Chuck Klosterman's Prophetic Advice for Outed Anti-Gay Politician

2009 advice anticipates Roy Ashburn's predicament

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After a career of voting against gay-rights legislation, California state Sen. Roy Ashburn admitted on Monday that he is gay. The confession came after reports that he visited a gay nightclub prior to a drunk driving arrest last week. The Republican senator was immediately accused of hypocrisy, though he claimed his votes merely reflected what his constituents wanted. Is there any other dignified way he can respond?

Culture critic Chuck Klosterman offers one. In an eerily prophetic passage in his 2009 book Eating the Dinosaur, Klosterman scripts a series of "best responses" to people in dire situations. For the recently-outed gay social-conservative politician he offers this prefabricated apology:

"I will concede that I am more confused than the average person. I've spent my entire life denying who I truly was. But my motive for that denial was political, even before I was a politician. I always believed that I could serve the greater good by advancing myself into a position of power, and--in order to make that reality--the compromise I made was to attack the social mores that were extension of everything I feared about myself. I felt extremely guilty for doing this, and I felt as though I deserved to be punished. My religious upbringing dictated retribution. So by publicly criticizing the gay community, I felt like I was silently punishing myself. Now, I was totally aware that this was hypocritical, and that hypocrisy consumed me. It was all I ever thought about. It became so pervasive within my consciousness that I found myself acting upong my own suppressed desires. I became romantically involved with someone of my own gender, completely aware that this could destroy me politically. That was part of the atrraction. Sadly, I enjoyed feeling self-destructive. When that relationship became more intense, I began to accept that I was gay. And that's why I kept pushing for laws that hurt the gay community. Political duplicity was the only way I could confront my own personal demons. I deeply apologize for hurting other people, but the only person I was trying to hurt was myself.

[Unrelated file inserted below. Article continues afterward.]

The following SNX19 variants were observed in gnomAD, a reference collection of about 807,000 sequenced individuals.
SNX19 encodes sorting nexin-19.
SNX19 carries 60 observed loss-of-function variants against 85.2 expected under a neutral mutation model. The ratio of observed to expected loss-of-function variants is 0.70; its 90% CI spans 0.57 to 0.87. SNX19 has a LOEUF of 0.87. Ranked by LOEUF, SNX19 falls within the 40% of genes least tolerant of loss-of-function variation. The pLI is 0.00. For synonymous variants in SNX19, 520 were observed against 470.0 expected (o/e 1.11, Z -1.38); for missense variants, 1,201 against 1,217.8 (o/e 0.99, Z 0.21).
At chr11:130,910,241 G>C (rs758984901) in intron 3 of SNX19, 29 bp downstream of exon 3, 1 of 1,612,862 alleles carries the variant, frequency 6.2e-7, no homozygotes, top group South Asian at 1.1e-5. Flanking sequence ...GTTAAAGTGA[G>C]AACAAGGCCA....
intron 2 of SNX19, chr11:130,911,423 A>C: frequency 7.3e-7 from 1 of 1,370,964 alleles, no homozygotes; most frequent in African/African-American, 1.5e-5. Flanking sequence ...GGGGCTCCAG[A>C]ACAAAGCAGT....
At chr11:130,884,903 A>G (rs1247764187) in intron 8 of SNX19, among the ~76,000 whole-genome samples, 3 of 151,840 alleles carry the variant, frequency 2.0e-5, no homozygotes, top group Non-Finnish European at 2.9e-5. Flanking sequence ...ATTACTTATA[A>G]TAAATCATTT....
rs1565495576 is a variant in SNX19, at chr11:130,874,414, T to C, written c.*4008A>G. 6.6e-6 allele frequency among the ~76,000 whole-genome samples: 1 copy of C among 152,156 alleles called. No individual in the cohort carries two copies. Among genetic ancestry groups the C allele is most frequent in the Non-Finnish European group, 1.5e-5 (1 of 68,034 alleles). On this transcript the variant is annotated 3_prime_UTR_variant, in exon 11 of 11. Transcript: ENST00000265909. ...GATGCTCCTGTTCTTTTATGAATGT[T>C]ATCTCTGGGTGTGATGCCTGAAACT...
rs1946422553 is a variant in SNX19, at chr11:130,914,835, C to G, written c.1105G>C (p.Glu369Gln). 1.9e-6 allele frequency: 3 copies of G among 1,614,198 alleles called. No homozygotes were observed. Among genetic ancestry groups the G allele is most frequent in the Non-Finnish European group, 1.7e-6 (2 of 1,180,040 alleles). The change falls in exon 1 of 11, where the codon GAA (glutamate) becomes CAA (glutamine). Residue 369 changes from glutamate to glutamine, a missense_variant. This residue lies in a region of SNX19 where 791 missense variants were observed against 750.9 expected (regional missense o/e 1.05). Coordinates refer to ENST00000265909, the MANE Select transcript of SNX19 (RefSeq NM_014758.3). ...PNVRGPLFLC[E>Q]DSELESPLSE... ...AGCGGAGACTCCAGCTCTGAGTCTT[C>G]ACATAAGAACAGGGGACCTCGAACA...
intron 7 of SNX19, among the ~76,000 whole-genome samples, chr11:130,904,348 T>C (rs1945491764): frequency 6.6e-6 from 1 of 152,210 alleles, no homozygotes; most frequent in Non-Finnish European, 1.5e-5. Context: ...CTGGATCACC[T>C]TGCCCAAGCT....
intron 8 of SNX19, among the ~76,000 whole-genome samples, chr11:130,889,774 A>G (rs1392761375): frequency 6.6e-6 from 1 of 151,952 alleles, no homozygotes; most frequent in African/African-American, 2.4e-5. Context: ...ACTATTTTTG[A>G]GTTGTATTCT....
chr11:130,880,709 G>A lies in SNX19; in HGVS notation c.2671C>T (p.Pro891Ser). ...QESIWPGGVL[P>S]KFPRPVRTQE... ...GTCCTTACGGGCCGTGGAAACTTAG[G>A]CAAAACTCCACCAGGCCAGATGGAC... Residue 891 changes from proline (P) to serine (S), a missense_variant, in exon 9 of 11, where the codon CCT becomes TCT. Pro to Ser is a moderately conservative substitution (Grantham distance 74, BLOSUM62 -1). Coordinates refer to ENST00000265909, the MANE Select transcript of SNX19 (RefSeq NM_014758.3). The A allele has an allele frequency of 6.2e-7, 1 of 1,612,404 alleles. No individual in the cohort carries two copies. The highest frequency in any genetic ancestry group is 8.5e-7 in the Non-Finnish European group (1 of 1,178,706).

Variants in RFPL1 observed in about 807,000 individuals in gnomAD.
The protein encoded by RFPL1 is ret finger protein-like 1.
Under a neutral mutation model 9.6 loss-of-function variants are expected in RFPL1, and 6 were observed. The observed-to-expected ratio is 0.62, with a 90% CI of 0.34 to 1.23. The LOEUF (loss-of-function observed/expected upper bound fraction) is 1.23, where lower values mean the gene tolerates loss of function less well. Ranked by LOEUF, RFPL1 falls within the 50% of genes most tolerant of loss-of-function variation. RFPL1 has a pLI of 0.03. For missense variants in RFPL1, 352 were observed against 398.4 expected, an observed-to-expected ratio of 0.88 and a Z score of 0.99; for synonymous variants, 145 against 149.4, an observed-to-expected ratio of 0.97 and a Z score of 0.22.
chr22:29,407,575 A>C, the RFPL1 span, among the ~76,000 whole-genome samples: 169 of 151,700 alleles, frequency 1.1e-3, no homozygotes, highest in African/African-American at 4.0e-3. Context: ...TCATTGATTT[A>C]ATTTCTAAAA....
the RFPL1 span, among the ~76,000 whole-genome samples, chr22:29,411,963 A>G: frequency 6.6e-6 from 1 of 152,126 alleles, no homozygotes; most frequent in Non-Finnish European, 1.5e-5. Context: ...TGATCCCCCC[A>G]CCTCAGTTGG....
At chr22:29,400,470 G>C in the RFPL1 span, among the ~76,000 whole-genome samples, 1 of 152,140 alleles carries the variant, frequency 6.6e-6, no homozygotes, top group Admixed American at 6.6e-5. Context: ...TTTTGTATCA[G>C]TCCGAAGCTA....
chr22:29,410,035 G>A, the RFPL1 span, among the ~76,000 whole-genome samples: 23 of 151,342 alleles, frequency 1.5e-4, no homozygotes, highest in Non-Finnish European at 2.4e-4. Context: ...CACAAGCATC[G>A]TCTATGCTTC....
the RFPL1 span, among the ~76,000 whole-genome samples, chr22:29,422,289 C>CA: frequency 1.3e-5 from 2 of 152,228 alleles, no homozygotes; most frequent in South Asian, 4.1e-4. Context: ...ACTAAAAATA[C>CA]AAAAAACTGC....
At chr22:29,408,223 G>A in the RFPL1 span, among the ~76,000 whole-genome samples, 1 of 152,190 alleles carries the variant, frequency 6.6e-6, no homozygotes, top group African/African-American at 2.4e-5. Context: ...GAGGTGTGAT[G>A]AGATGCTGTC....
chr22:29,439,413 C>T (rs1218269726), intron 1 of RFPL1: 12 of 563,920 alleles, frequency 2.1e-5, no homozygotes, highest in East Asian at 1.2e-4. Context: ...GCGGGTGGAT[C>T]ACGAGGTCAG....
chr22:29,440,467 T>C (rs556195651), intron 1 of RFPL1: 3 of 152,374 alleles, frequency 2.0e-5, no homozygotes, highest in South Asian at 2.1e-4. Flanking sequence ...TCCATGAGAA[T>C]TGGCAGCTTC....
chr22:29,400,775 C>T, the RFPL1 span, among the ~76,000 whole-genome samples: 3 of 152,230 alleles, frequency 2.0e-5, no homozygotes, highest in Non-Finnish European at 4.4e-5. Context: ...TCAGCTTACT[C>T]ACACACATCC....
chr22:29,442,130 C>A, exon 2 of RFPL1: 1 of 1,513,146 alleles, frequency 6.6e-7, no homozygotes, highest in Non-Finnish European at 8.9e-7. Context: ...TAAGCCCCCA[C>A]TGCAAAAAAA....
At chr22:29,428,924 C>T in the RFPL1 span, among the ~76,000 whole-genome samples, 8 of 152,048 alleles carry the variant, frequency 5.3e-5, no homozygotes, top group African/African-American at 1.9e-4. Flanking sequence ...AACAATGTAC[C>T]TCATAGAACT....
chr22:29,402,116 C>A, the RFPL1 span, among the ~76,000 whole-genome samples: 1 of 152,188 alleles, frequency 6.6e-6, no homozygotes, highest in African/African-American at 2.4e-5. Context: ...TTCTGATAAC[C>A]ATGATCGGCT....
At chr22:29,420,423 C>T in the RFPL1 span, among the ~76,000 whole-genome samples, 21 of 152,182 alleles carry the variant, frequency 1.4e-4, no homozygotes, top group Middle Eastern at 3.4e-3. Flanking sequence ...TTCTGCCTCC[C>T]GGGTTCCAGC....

Also, I am an alcoholic." (117)
This article is from the archive of our partner The Wire.